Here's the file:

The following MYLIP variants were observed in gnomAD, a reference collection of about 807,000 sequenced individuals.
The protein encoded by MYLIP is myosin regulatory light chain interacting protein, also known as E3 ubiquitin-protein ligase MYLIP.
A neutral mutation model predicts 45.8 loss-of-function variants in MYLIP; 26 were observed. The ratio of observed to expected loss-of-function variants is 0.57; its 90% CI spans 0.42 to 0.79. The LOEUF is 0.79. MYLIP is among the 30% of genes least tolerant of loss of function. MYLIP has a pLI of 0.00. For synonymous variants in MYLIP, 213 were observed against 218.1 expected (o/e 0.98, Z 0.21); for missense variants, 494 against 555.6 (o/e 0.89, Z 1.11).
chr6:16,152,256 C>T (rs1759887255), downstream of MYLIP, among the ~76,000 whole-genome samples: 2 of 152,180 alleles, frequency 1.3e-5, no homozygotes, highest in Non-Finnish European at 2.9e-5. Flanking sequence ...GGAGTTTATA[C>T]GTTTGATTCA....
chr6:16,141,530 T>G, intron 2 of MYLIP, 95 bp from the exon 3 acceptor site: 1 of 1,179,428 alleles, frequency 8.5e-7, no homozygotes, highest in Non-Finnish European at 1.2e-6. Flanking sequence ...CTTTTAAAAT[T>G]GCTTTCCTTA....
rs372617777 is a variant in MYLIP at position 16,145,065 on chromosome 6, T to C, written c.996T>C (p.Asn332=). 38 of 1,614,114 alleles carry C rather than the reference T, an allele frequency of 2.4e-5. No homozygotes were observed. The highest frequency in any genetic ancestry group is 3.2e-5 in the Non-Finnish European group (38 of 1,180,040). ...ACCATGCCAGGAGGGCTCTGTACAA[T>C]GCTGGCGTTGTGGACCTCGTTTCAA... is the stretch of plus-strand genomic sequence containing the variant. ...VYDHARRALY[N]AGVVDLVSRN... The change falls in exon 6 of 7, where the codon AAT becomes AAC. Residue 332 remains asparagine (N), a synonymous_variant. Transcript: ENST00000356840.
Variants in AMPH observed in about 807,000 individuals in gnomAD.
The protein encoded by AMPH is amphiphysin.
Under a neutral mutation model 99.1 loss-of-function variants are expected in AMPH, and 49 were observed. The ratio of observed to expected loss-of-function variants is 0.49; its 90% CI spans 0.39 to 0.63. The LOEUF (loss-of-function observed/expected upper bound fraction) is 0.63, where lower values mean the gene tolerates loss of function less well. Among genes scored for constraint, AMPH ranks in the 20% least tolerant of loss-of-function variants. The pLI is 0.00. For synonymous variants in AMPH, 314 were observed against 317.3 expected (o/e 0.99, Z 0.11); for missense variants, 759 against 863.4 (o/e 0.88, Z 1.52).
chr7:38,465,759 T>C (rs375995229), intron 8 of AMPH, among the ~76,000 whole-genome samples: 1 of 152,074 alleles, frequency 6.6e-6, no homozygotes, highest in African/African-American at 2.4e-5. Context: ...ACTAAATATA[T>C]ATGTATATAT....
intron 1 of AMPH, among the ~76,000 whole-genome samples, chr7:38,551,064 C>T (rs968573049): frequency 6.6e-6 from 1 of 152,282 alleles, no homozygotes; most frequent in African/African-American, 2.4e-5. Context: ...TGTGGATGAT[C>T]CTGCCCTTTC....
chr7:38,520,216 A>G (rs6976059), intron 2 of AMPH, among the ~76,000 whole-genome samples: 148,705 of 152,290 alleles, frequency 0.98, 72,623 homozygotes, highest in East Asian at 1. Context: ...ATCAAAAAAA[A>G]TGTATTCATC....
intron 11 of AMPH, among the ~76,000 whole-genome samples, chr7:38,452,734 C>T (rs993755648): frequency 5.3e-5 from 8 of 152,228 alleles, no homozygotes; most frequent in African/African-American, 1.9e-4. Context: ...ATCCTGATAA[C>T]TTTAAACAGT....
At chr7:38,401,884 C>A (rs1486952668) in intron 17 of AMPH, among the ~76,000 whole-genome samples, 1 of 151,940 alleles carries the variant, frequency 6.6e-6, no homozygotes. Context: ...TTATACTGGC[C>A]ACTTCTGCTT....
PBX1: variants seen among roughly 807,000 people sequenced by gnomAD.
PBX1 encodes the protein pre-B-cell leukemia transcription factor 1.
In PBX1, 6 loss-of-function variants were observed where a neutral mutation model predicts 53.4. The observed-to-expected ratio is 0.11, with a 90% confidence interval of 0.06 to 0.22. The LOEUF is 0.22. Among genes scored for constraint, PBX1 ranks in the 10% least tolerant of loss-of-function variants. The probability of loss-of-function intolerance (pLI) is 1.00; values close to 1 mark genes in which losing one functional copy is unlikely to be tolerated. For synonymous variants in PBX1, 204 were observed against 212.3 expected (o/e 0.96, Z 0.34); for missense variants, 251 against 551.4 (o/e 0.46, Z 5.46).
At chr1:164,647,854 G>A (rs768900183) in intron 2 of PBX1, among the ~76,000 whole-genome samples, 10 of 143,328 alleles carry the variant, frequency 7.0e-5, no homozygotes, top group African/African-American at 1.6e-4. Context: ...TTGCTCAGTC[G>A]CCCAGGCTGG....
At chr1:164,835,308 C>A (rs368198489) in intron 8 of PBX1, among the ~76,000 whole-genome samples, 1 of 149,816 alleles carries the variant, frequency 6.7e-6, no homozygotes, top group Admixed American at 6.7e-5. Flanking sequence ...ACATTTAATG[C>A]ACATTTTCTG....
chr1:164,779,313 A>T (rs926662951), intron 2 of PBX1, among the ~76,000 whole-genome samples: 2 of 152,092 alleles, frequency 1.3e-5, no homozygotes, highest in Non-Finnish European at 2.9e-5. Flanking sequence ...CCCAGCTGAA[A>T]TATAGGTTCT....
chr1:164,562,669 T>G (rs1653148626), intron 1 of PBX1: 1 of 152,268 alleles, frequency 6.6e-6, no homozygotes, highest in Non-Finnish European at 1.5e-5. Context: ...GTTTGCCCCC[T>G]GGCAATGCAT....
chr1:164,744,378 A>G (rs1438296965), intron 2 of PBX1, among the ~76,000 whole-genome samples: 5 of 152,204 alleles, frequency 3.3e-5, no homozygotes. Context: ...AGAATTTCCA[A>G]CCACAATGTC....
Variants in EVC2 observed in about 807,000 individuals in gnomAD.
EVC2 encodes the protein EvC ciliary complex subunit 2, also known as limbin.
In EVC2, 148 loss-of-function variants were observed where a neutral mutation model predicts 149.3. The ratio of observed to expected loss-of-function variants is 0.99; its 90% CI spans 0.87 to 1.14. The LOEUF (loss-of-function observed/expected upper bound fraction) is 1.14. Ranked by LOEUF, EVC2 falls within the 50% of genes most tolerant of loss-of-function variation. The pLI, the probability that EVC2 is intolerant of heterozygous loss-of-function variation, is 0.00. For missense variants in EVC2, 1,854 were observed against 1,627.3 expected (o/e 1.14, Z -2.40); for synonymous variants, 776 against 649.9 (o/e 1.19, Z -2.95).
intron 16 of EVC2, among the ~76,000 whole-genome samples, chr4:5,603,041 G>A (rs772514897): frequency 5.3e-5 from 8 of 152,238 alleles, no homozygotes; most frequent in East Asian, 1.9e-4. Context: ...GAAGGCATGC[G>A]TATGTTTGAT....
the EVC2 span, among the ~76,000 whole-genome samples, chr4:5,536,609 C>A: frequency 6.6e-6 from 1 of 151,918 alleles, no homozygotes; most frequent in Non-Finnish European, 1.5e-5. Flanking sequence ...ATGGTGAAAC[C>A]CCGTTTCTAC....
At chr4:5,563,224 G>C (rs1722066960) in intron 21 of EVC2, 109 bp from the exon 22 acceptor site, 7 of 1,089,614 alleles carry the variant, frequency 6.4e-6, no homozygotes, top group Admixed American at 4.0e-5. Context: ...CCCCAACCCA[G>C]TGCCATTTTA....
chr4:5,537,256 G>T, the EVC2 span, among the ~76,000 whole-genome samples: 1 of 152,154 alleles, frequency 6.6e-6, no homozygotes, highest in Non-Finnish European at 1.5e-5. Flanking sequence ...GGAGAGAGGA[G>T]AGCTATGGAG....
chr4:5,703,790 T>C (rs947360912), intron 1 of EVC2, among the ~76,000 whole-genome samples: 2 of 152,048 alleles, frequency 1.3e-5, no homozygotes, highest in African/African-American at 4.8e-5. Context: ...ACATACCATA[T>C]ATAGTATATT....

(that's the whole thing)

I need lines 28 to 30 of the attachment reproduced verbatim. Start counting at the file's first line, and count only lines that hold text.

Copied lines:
At chr4:5,563,224 G>C (rs1722066960) in intron 21 of EVC2, 109 bp from the exon 22 acceptor site, 7 of 1,089,614 alleles carry the variant, frequency 6.4e-6, no homozygotes, top group Admixed American at 4.0e-5. Context: ...CCCCAACCCA[G>C]TGCCATTTTA....
chr4:5,537,256 G>T, the EVC2 span, among the ~76,000 whole-genome samples: 1 of 152,154 alleles, frequency 6.6e-6, no homozygotes, highest in Non-Finnish European at 1.5e-5. Flanking sequence ...GGAGAGAGGA[G>T]AGCTATGGAG....
chr4:5,703,790 T>C (rs947360912), intron 1 of EVC2, among the ~76,000 whole-genome samples: 2 of 152,048 alleles, frequency 1.3e-5, no homozygotes, highest in African/African-American at 4.8e-5. Context: ...ACATACCATA[T>C]ATAGTATATT....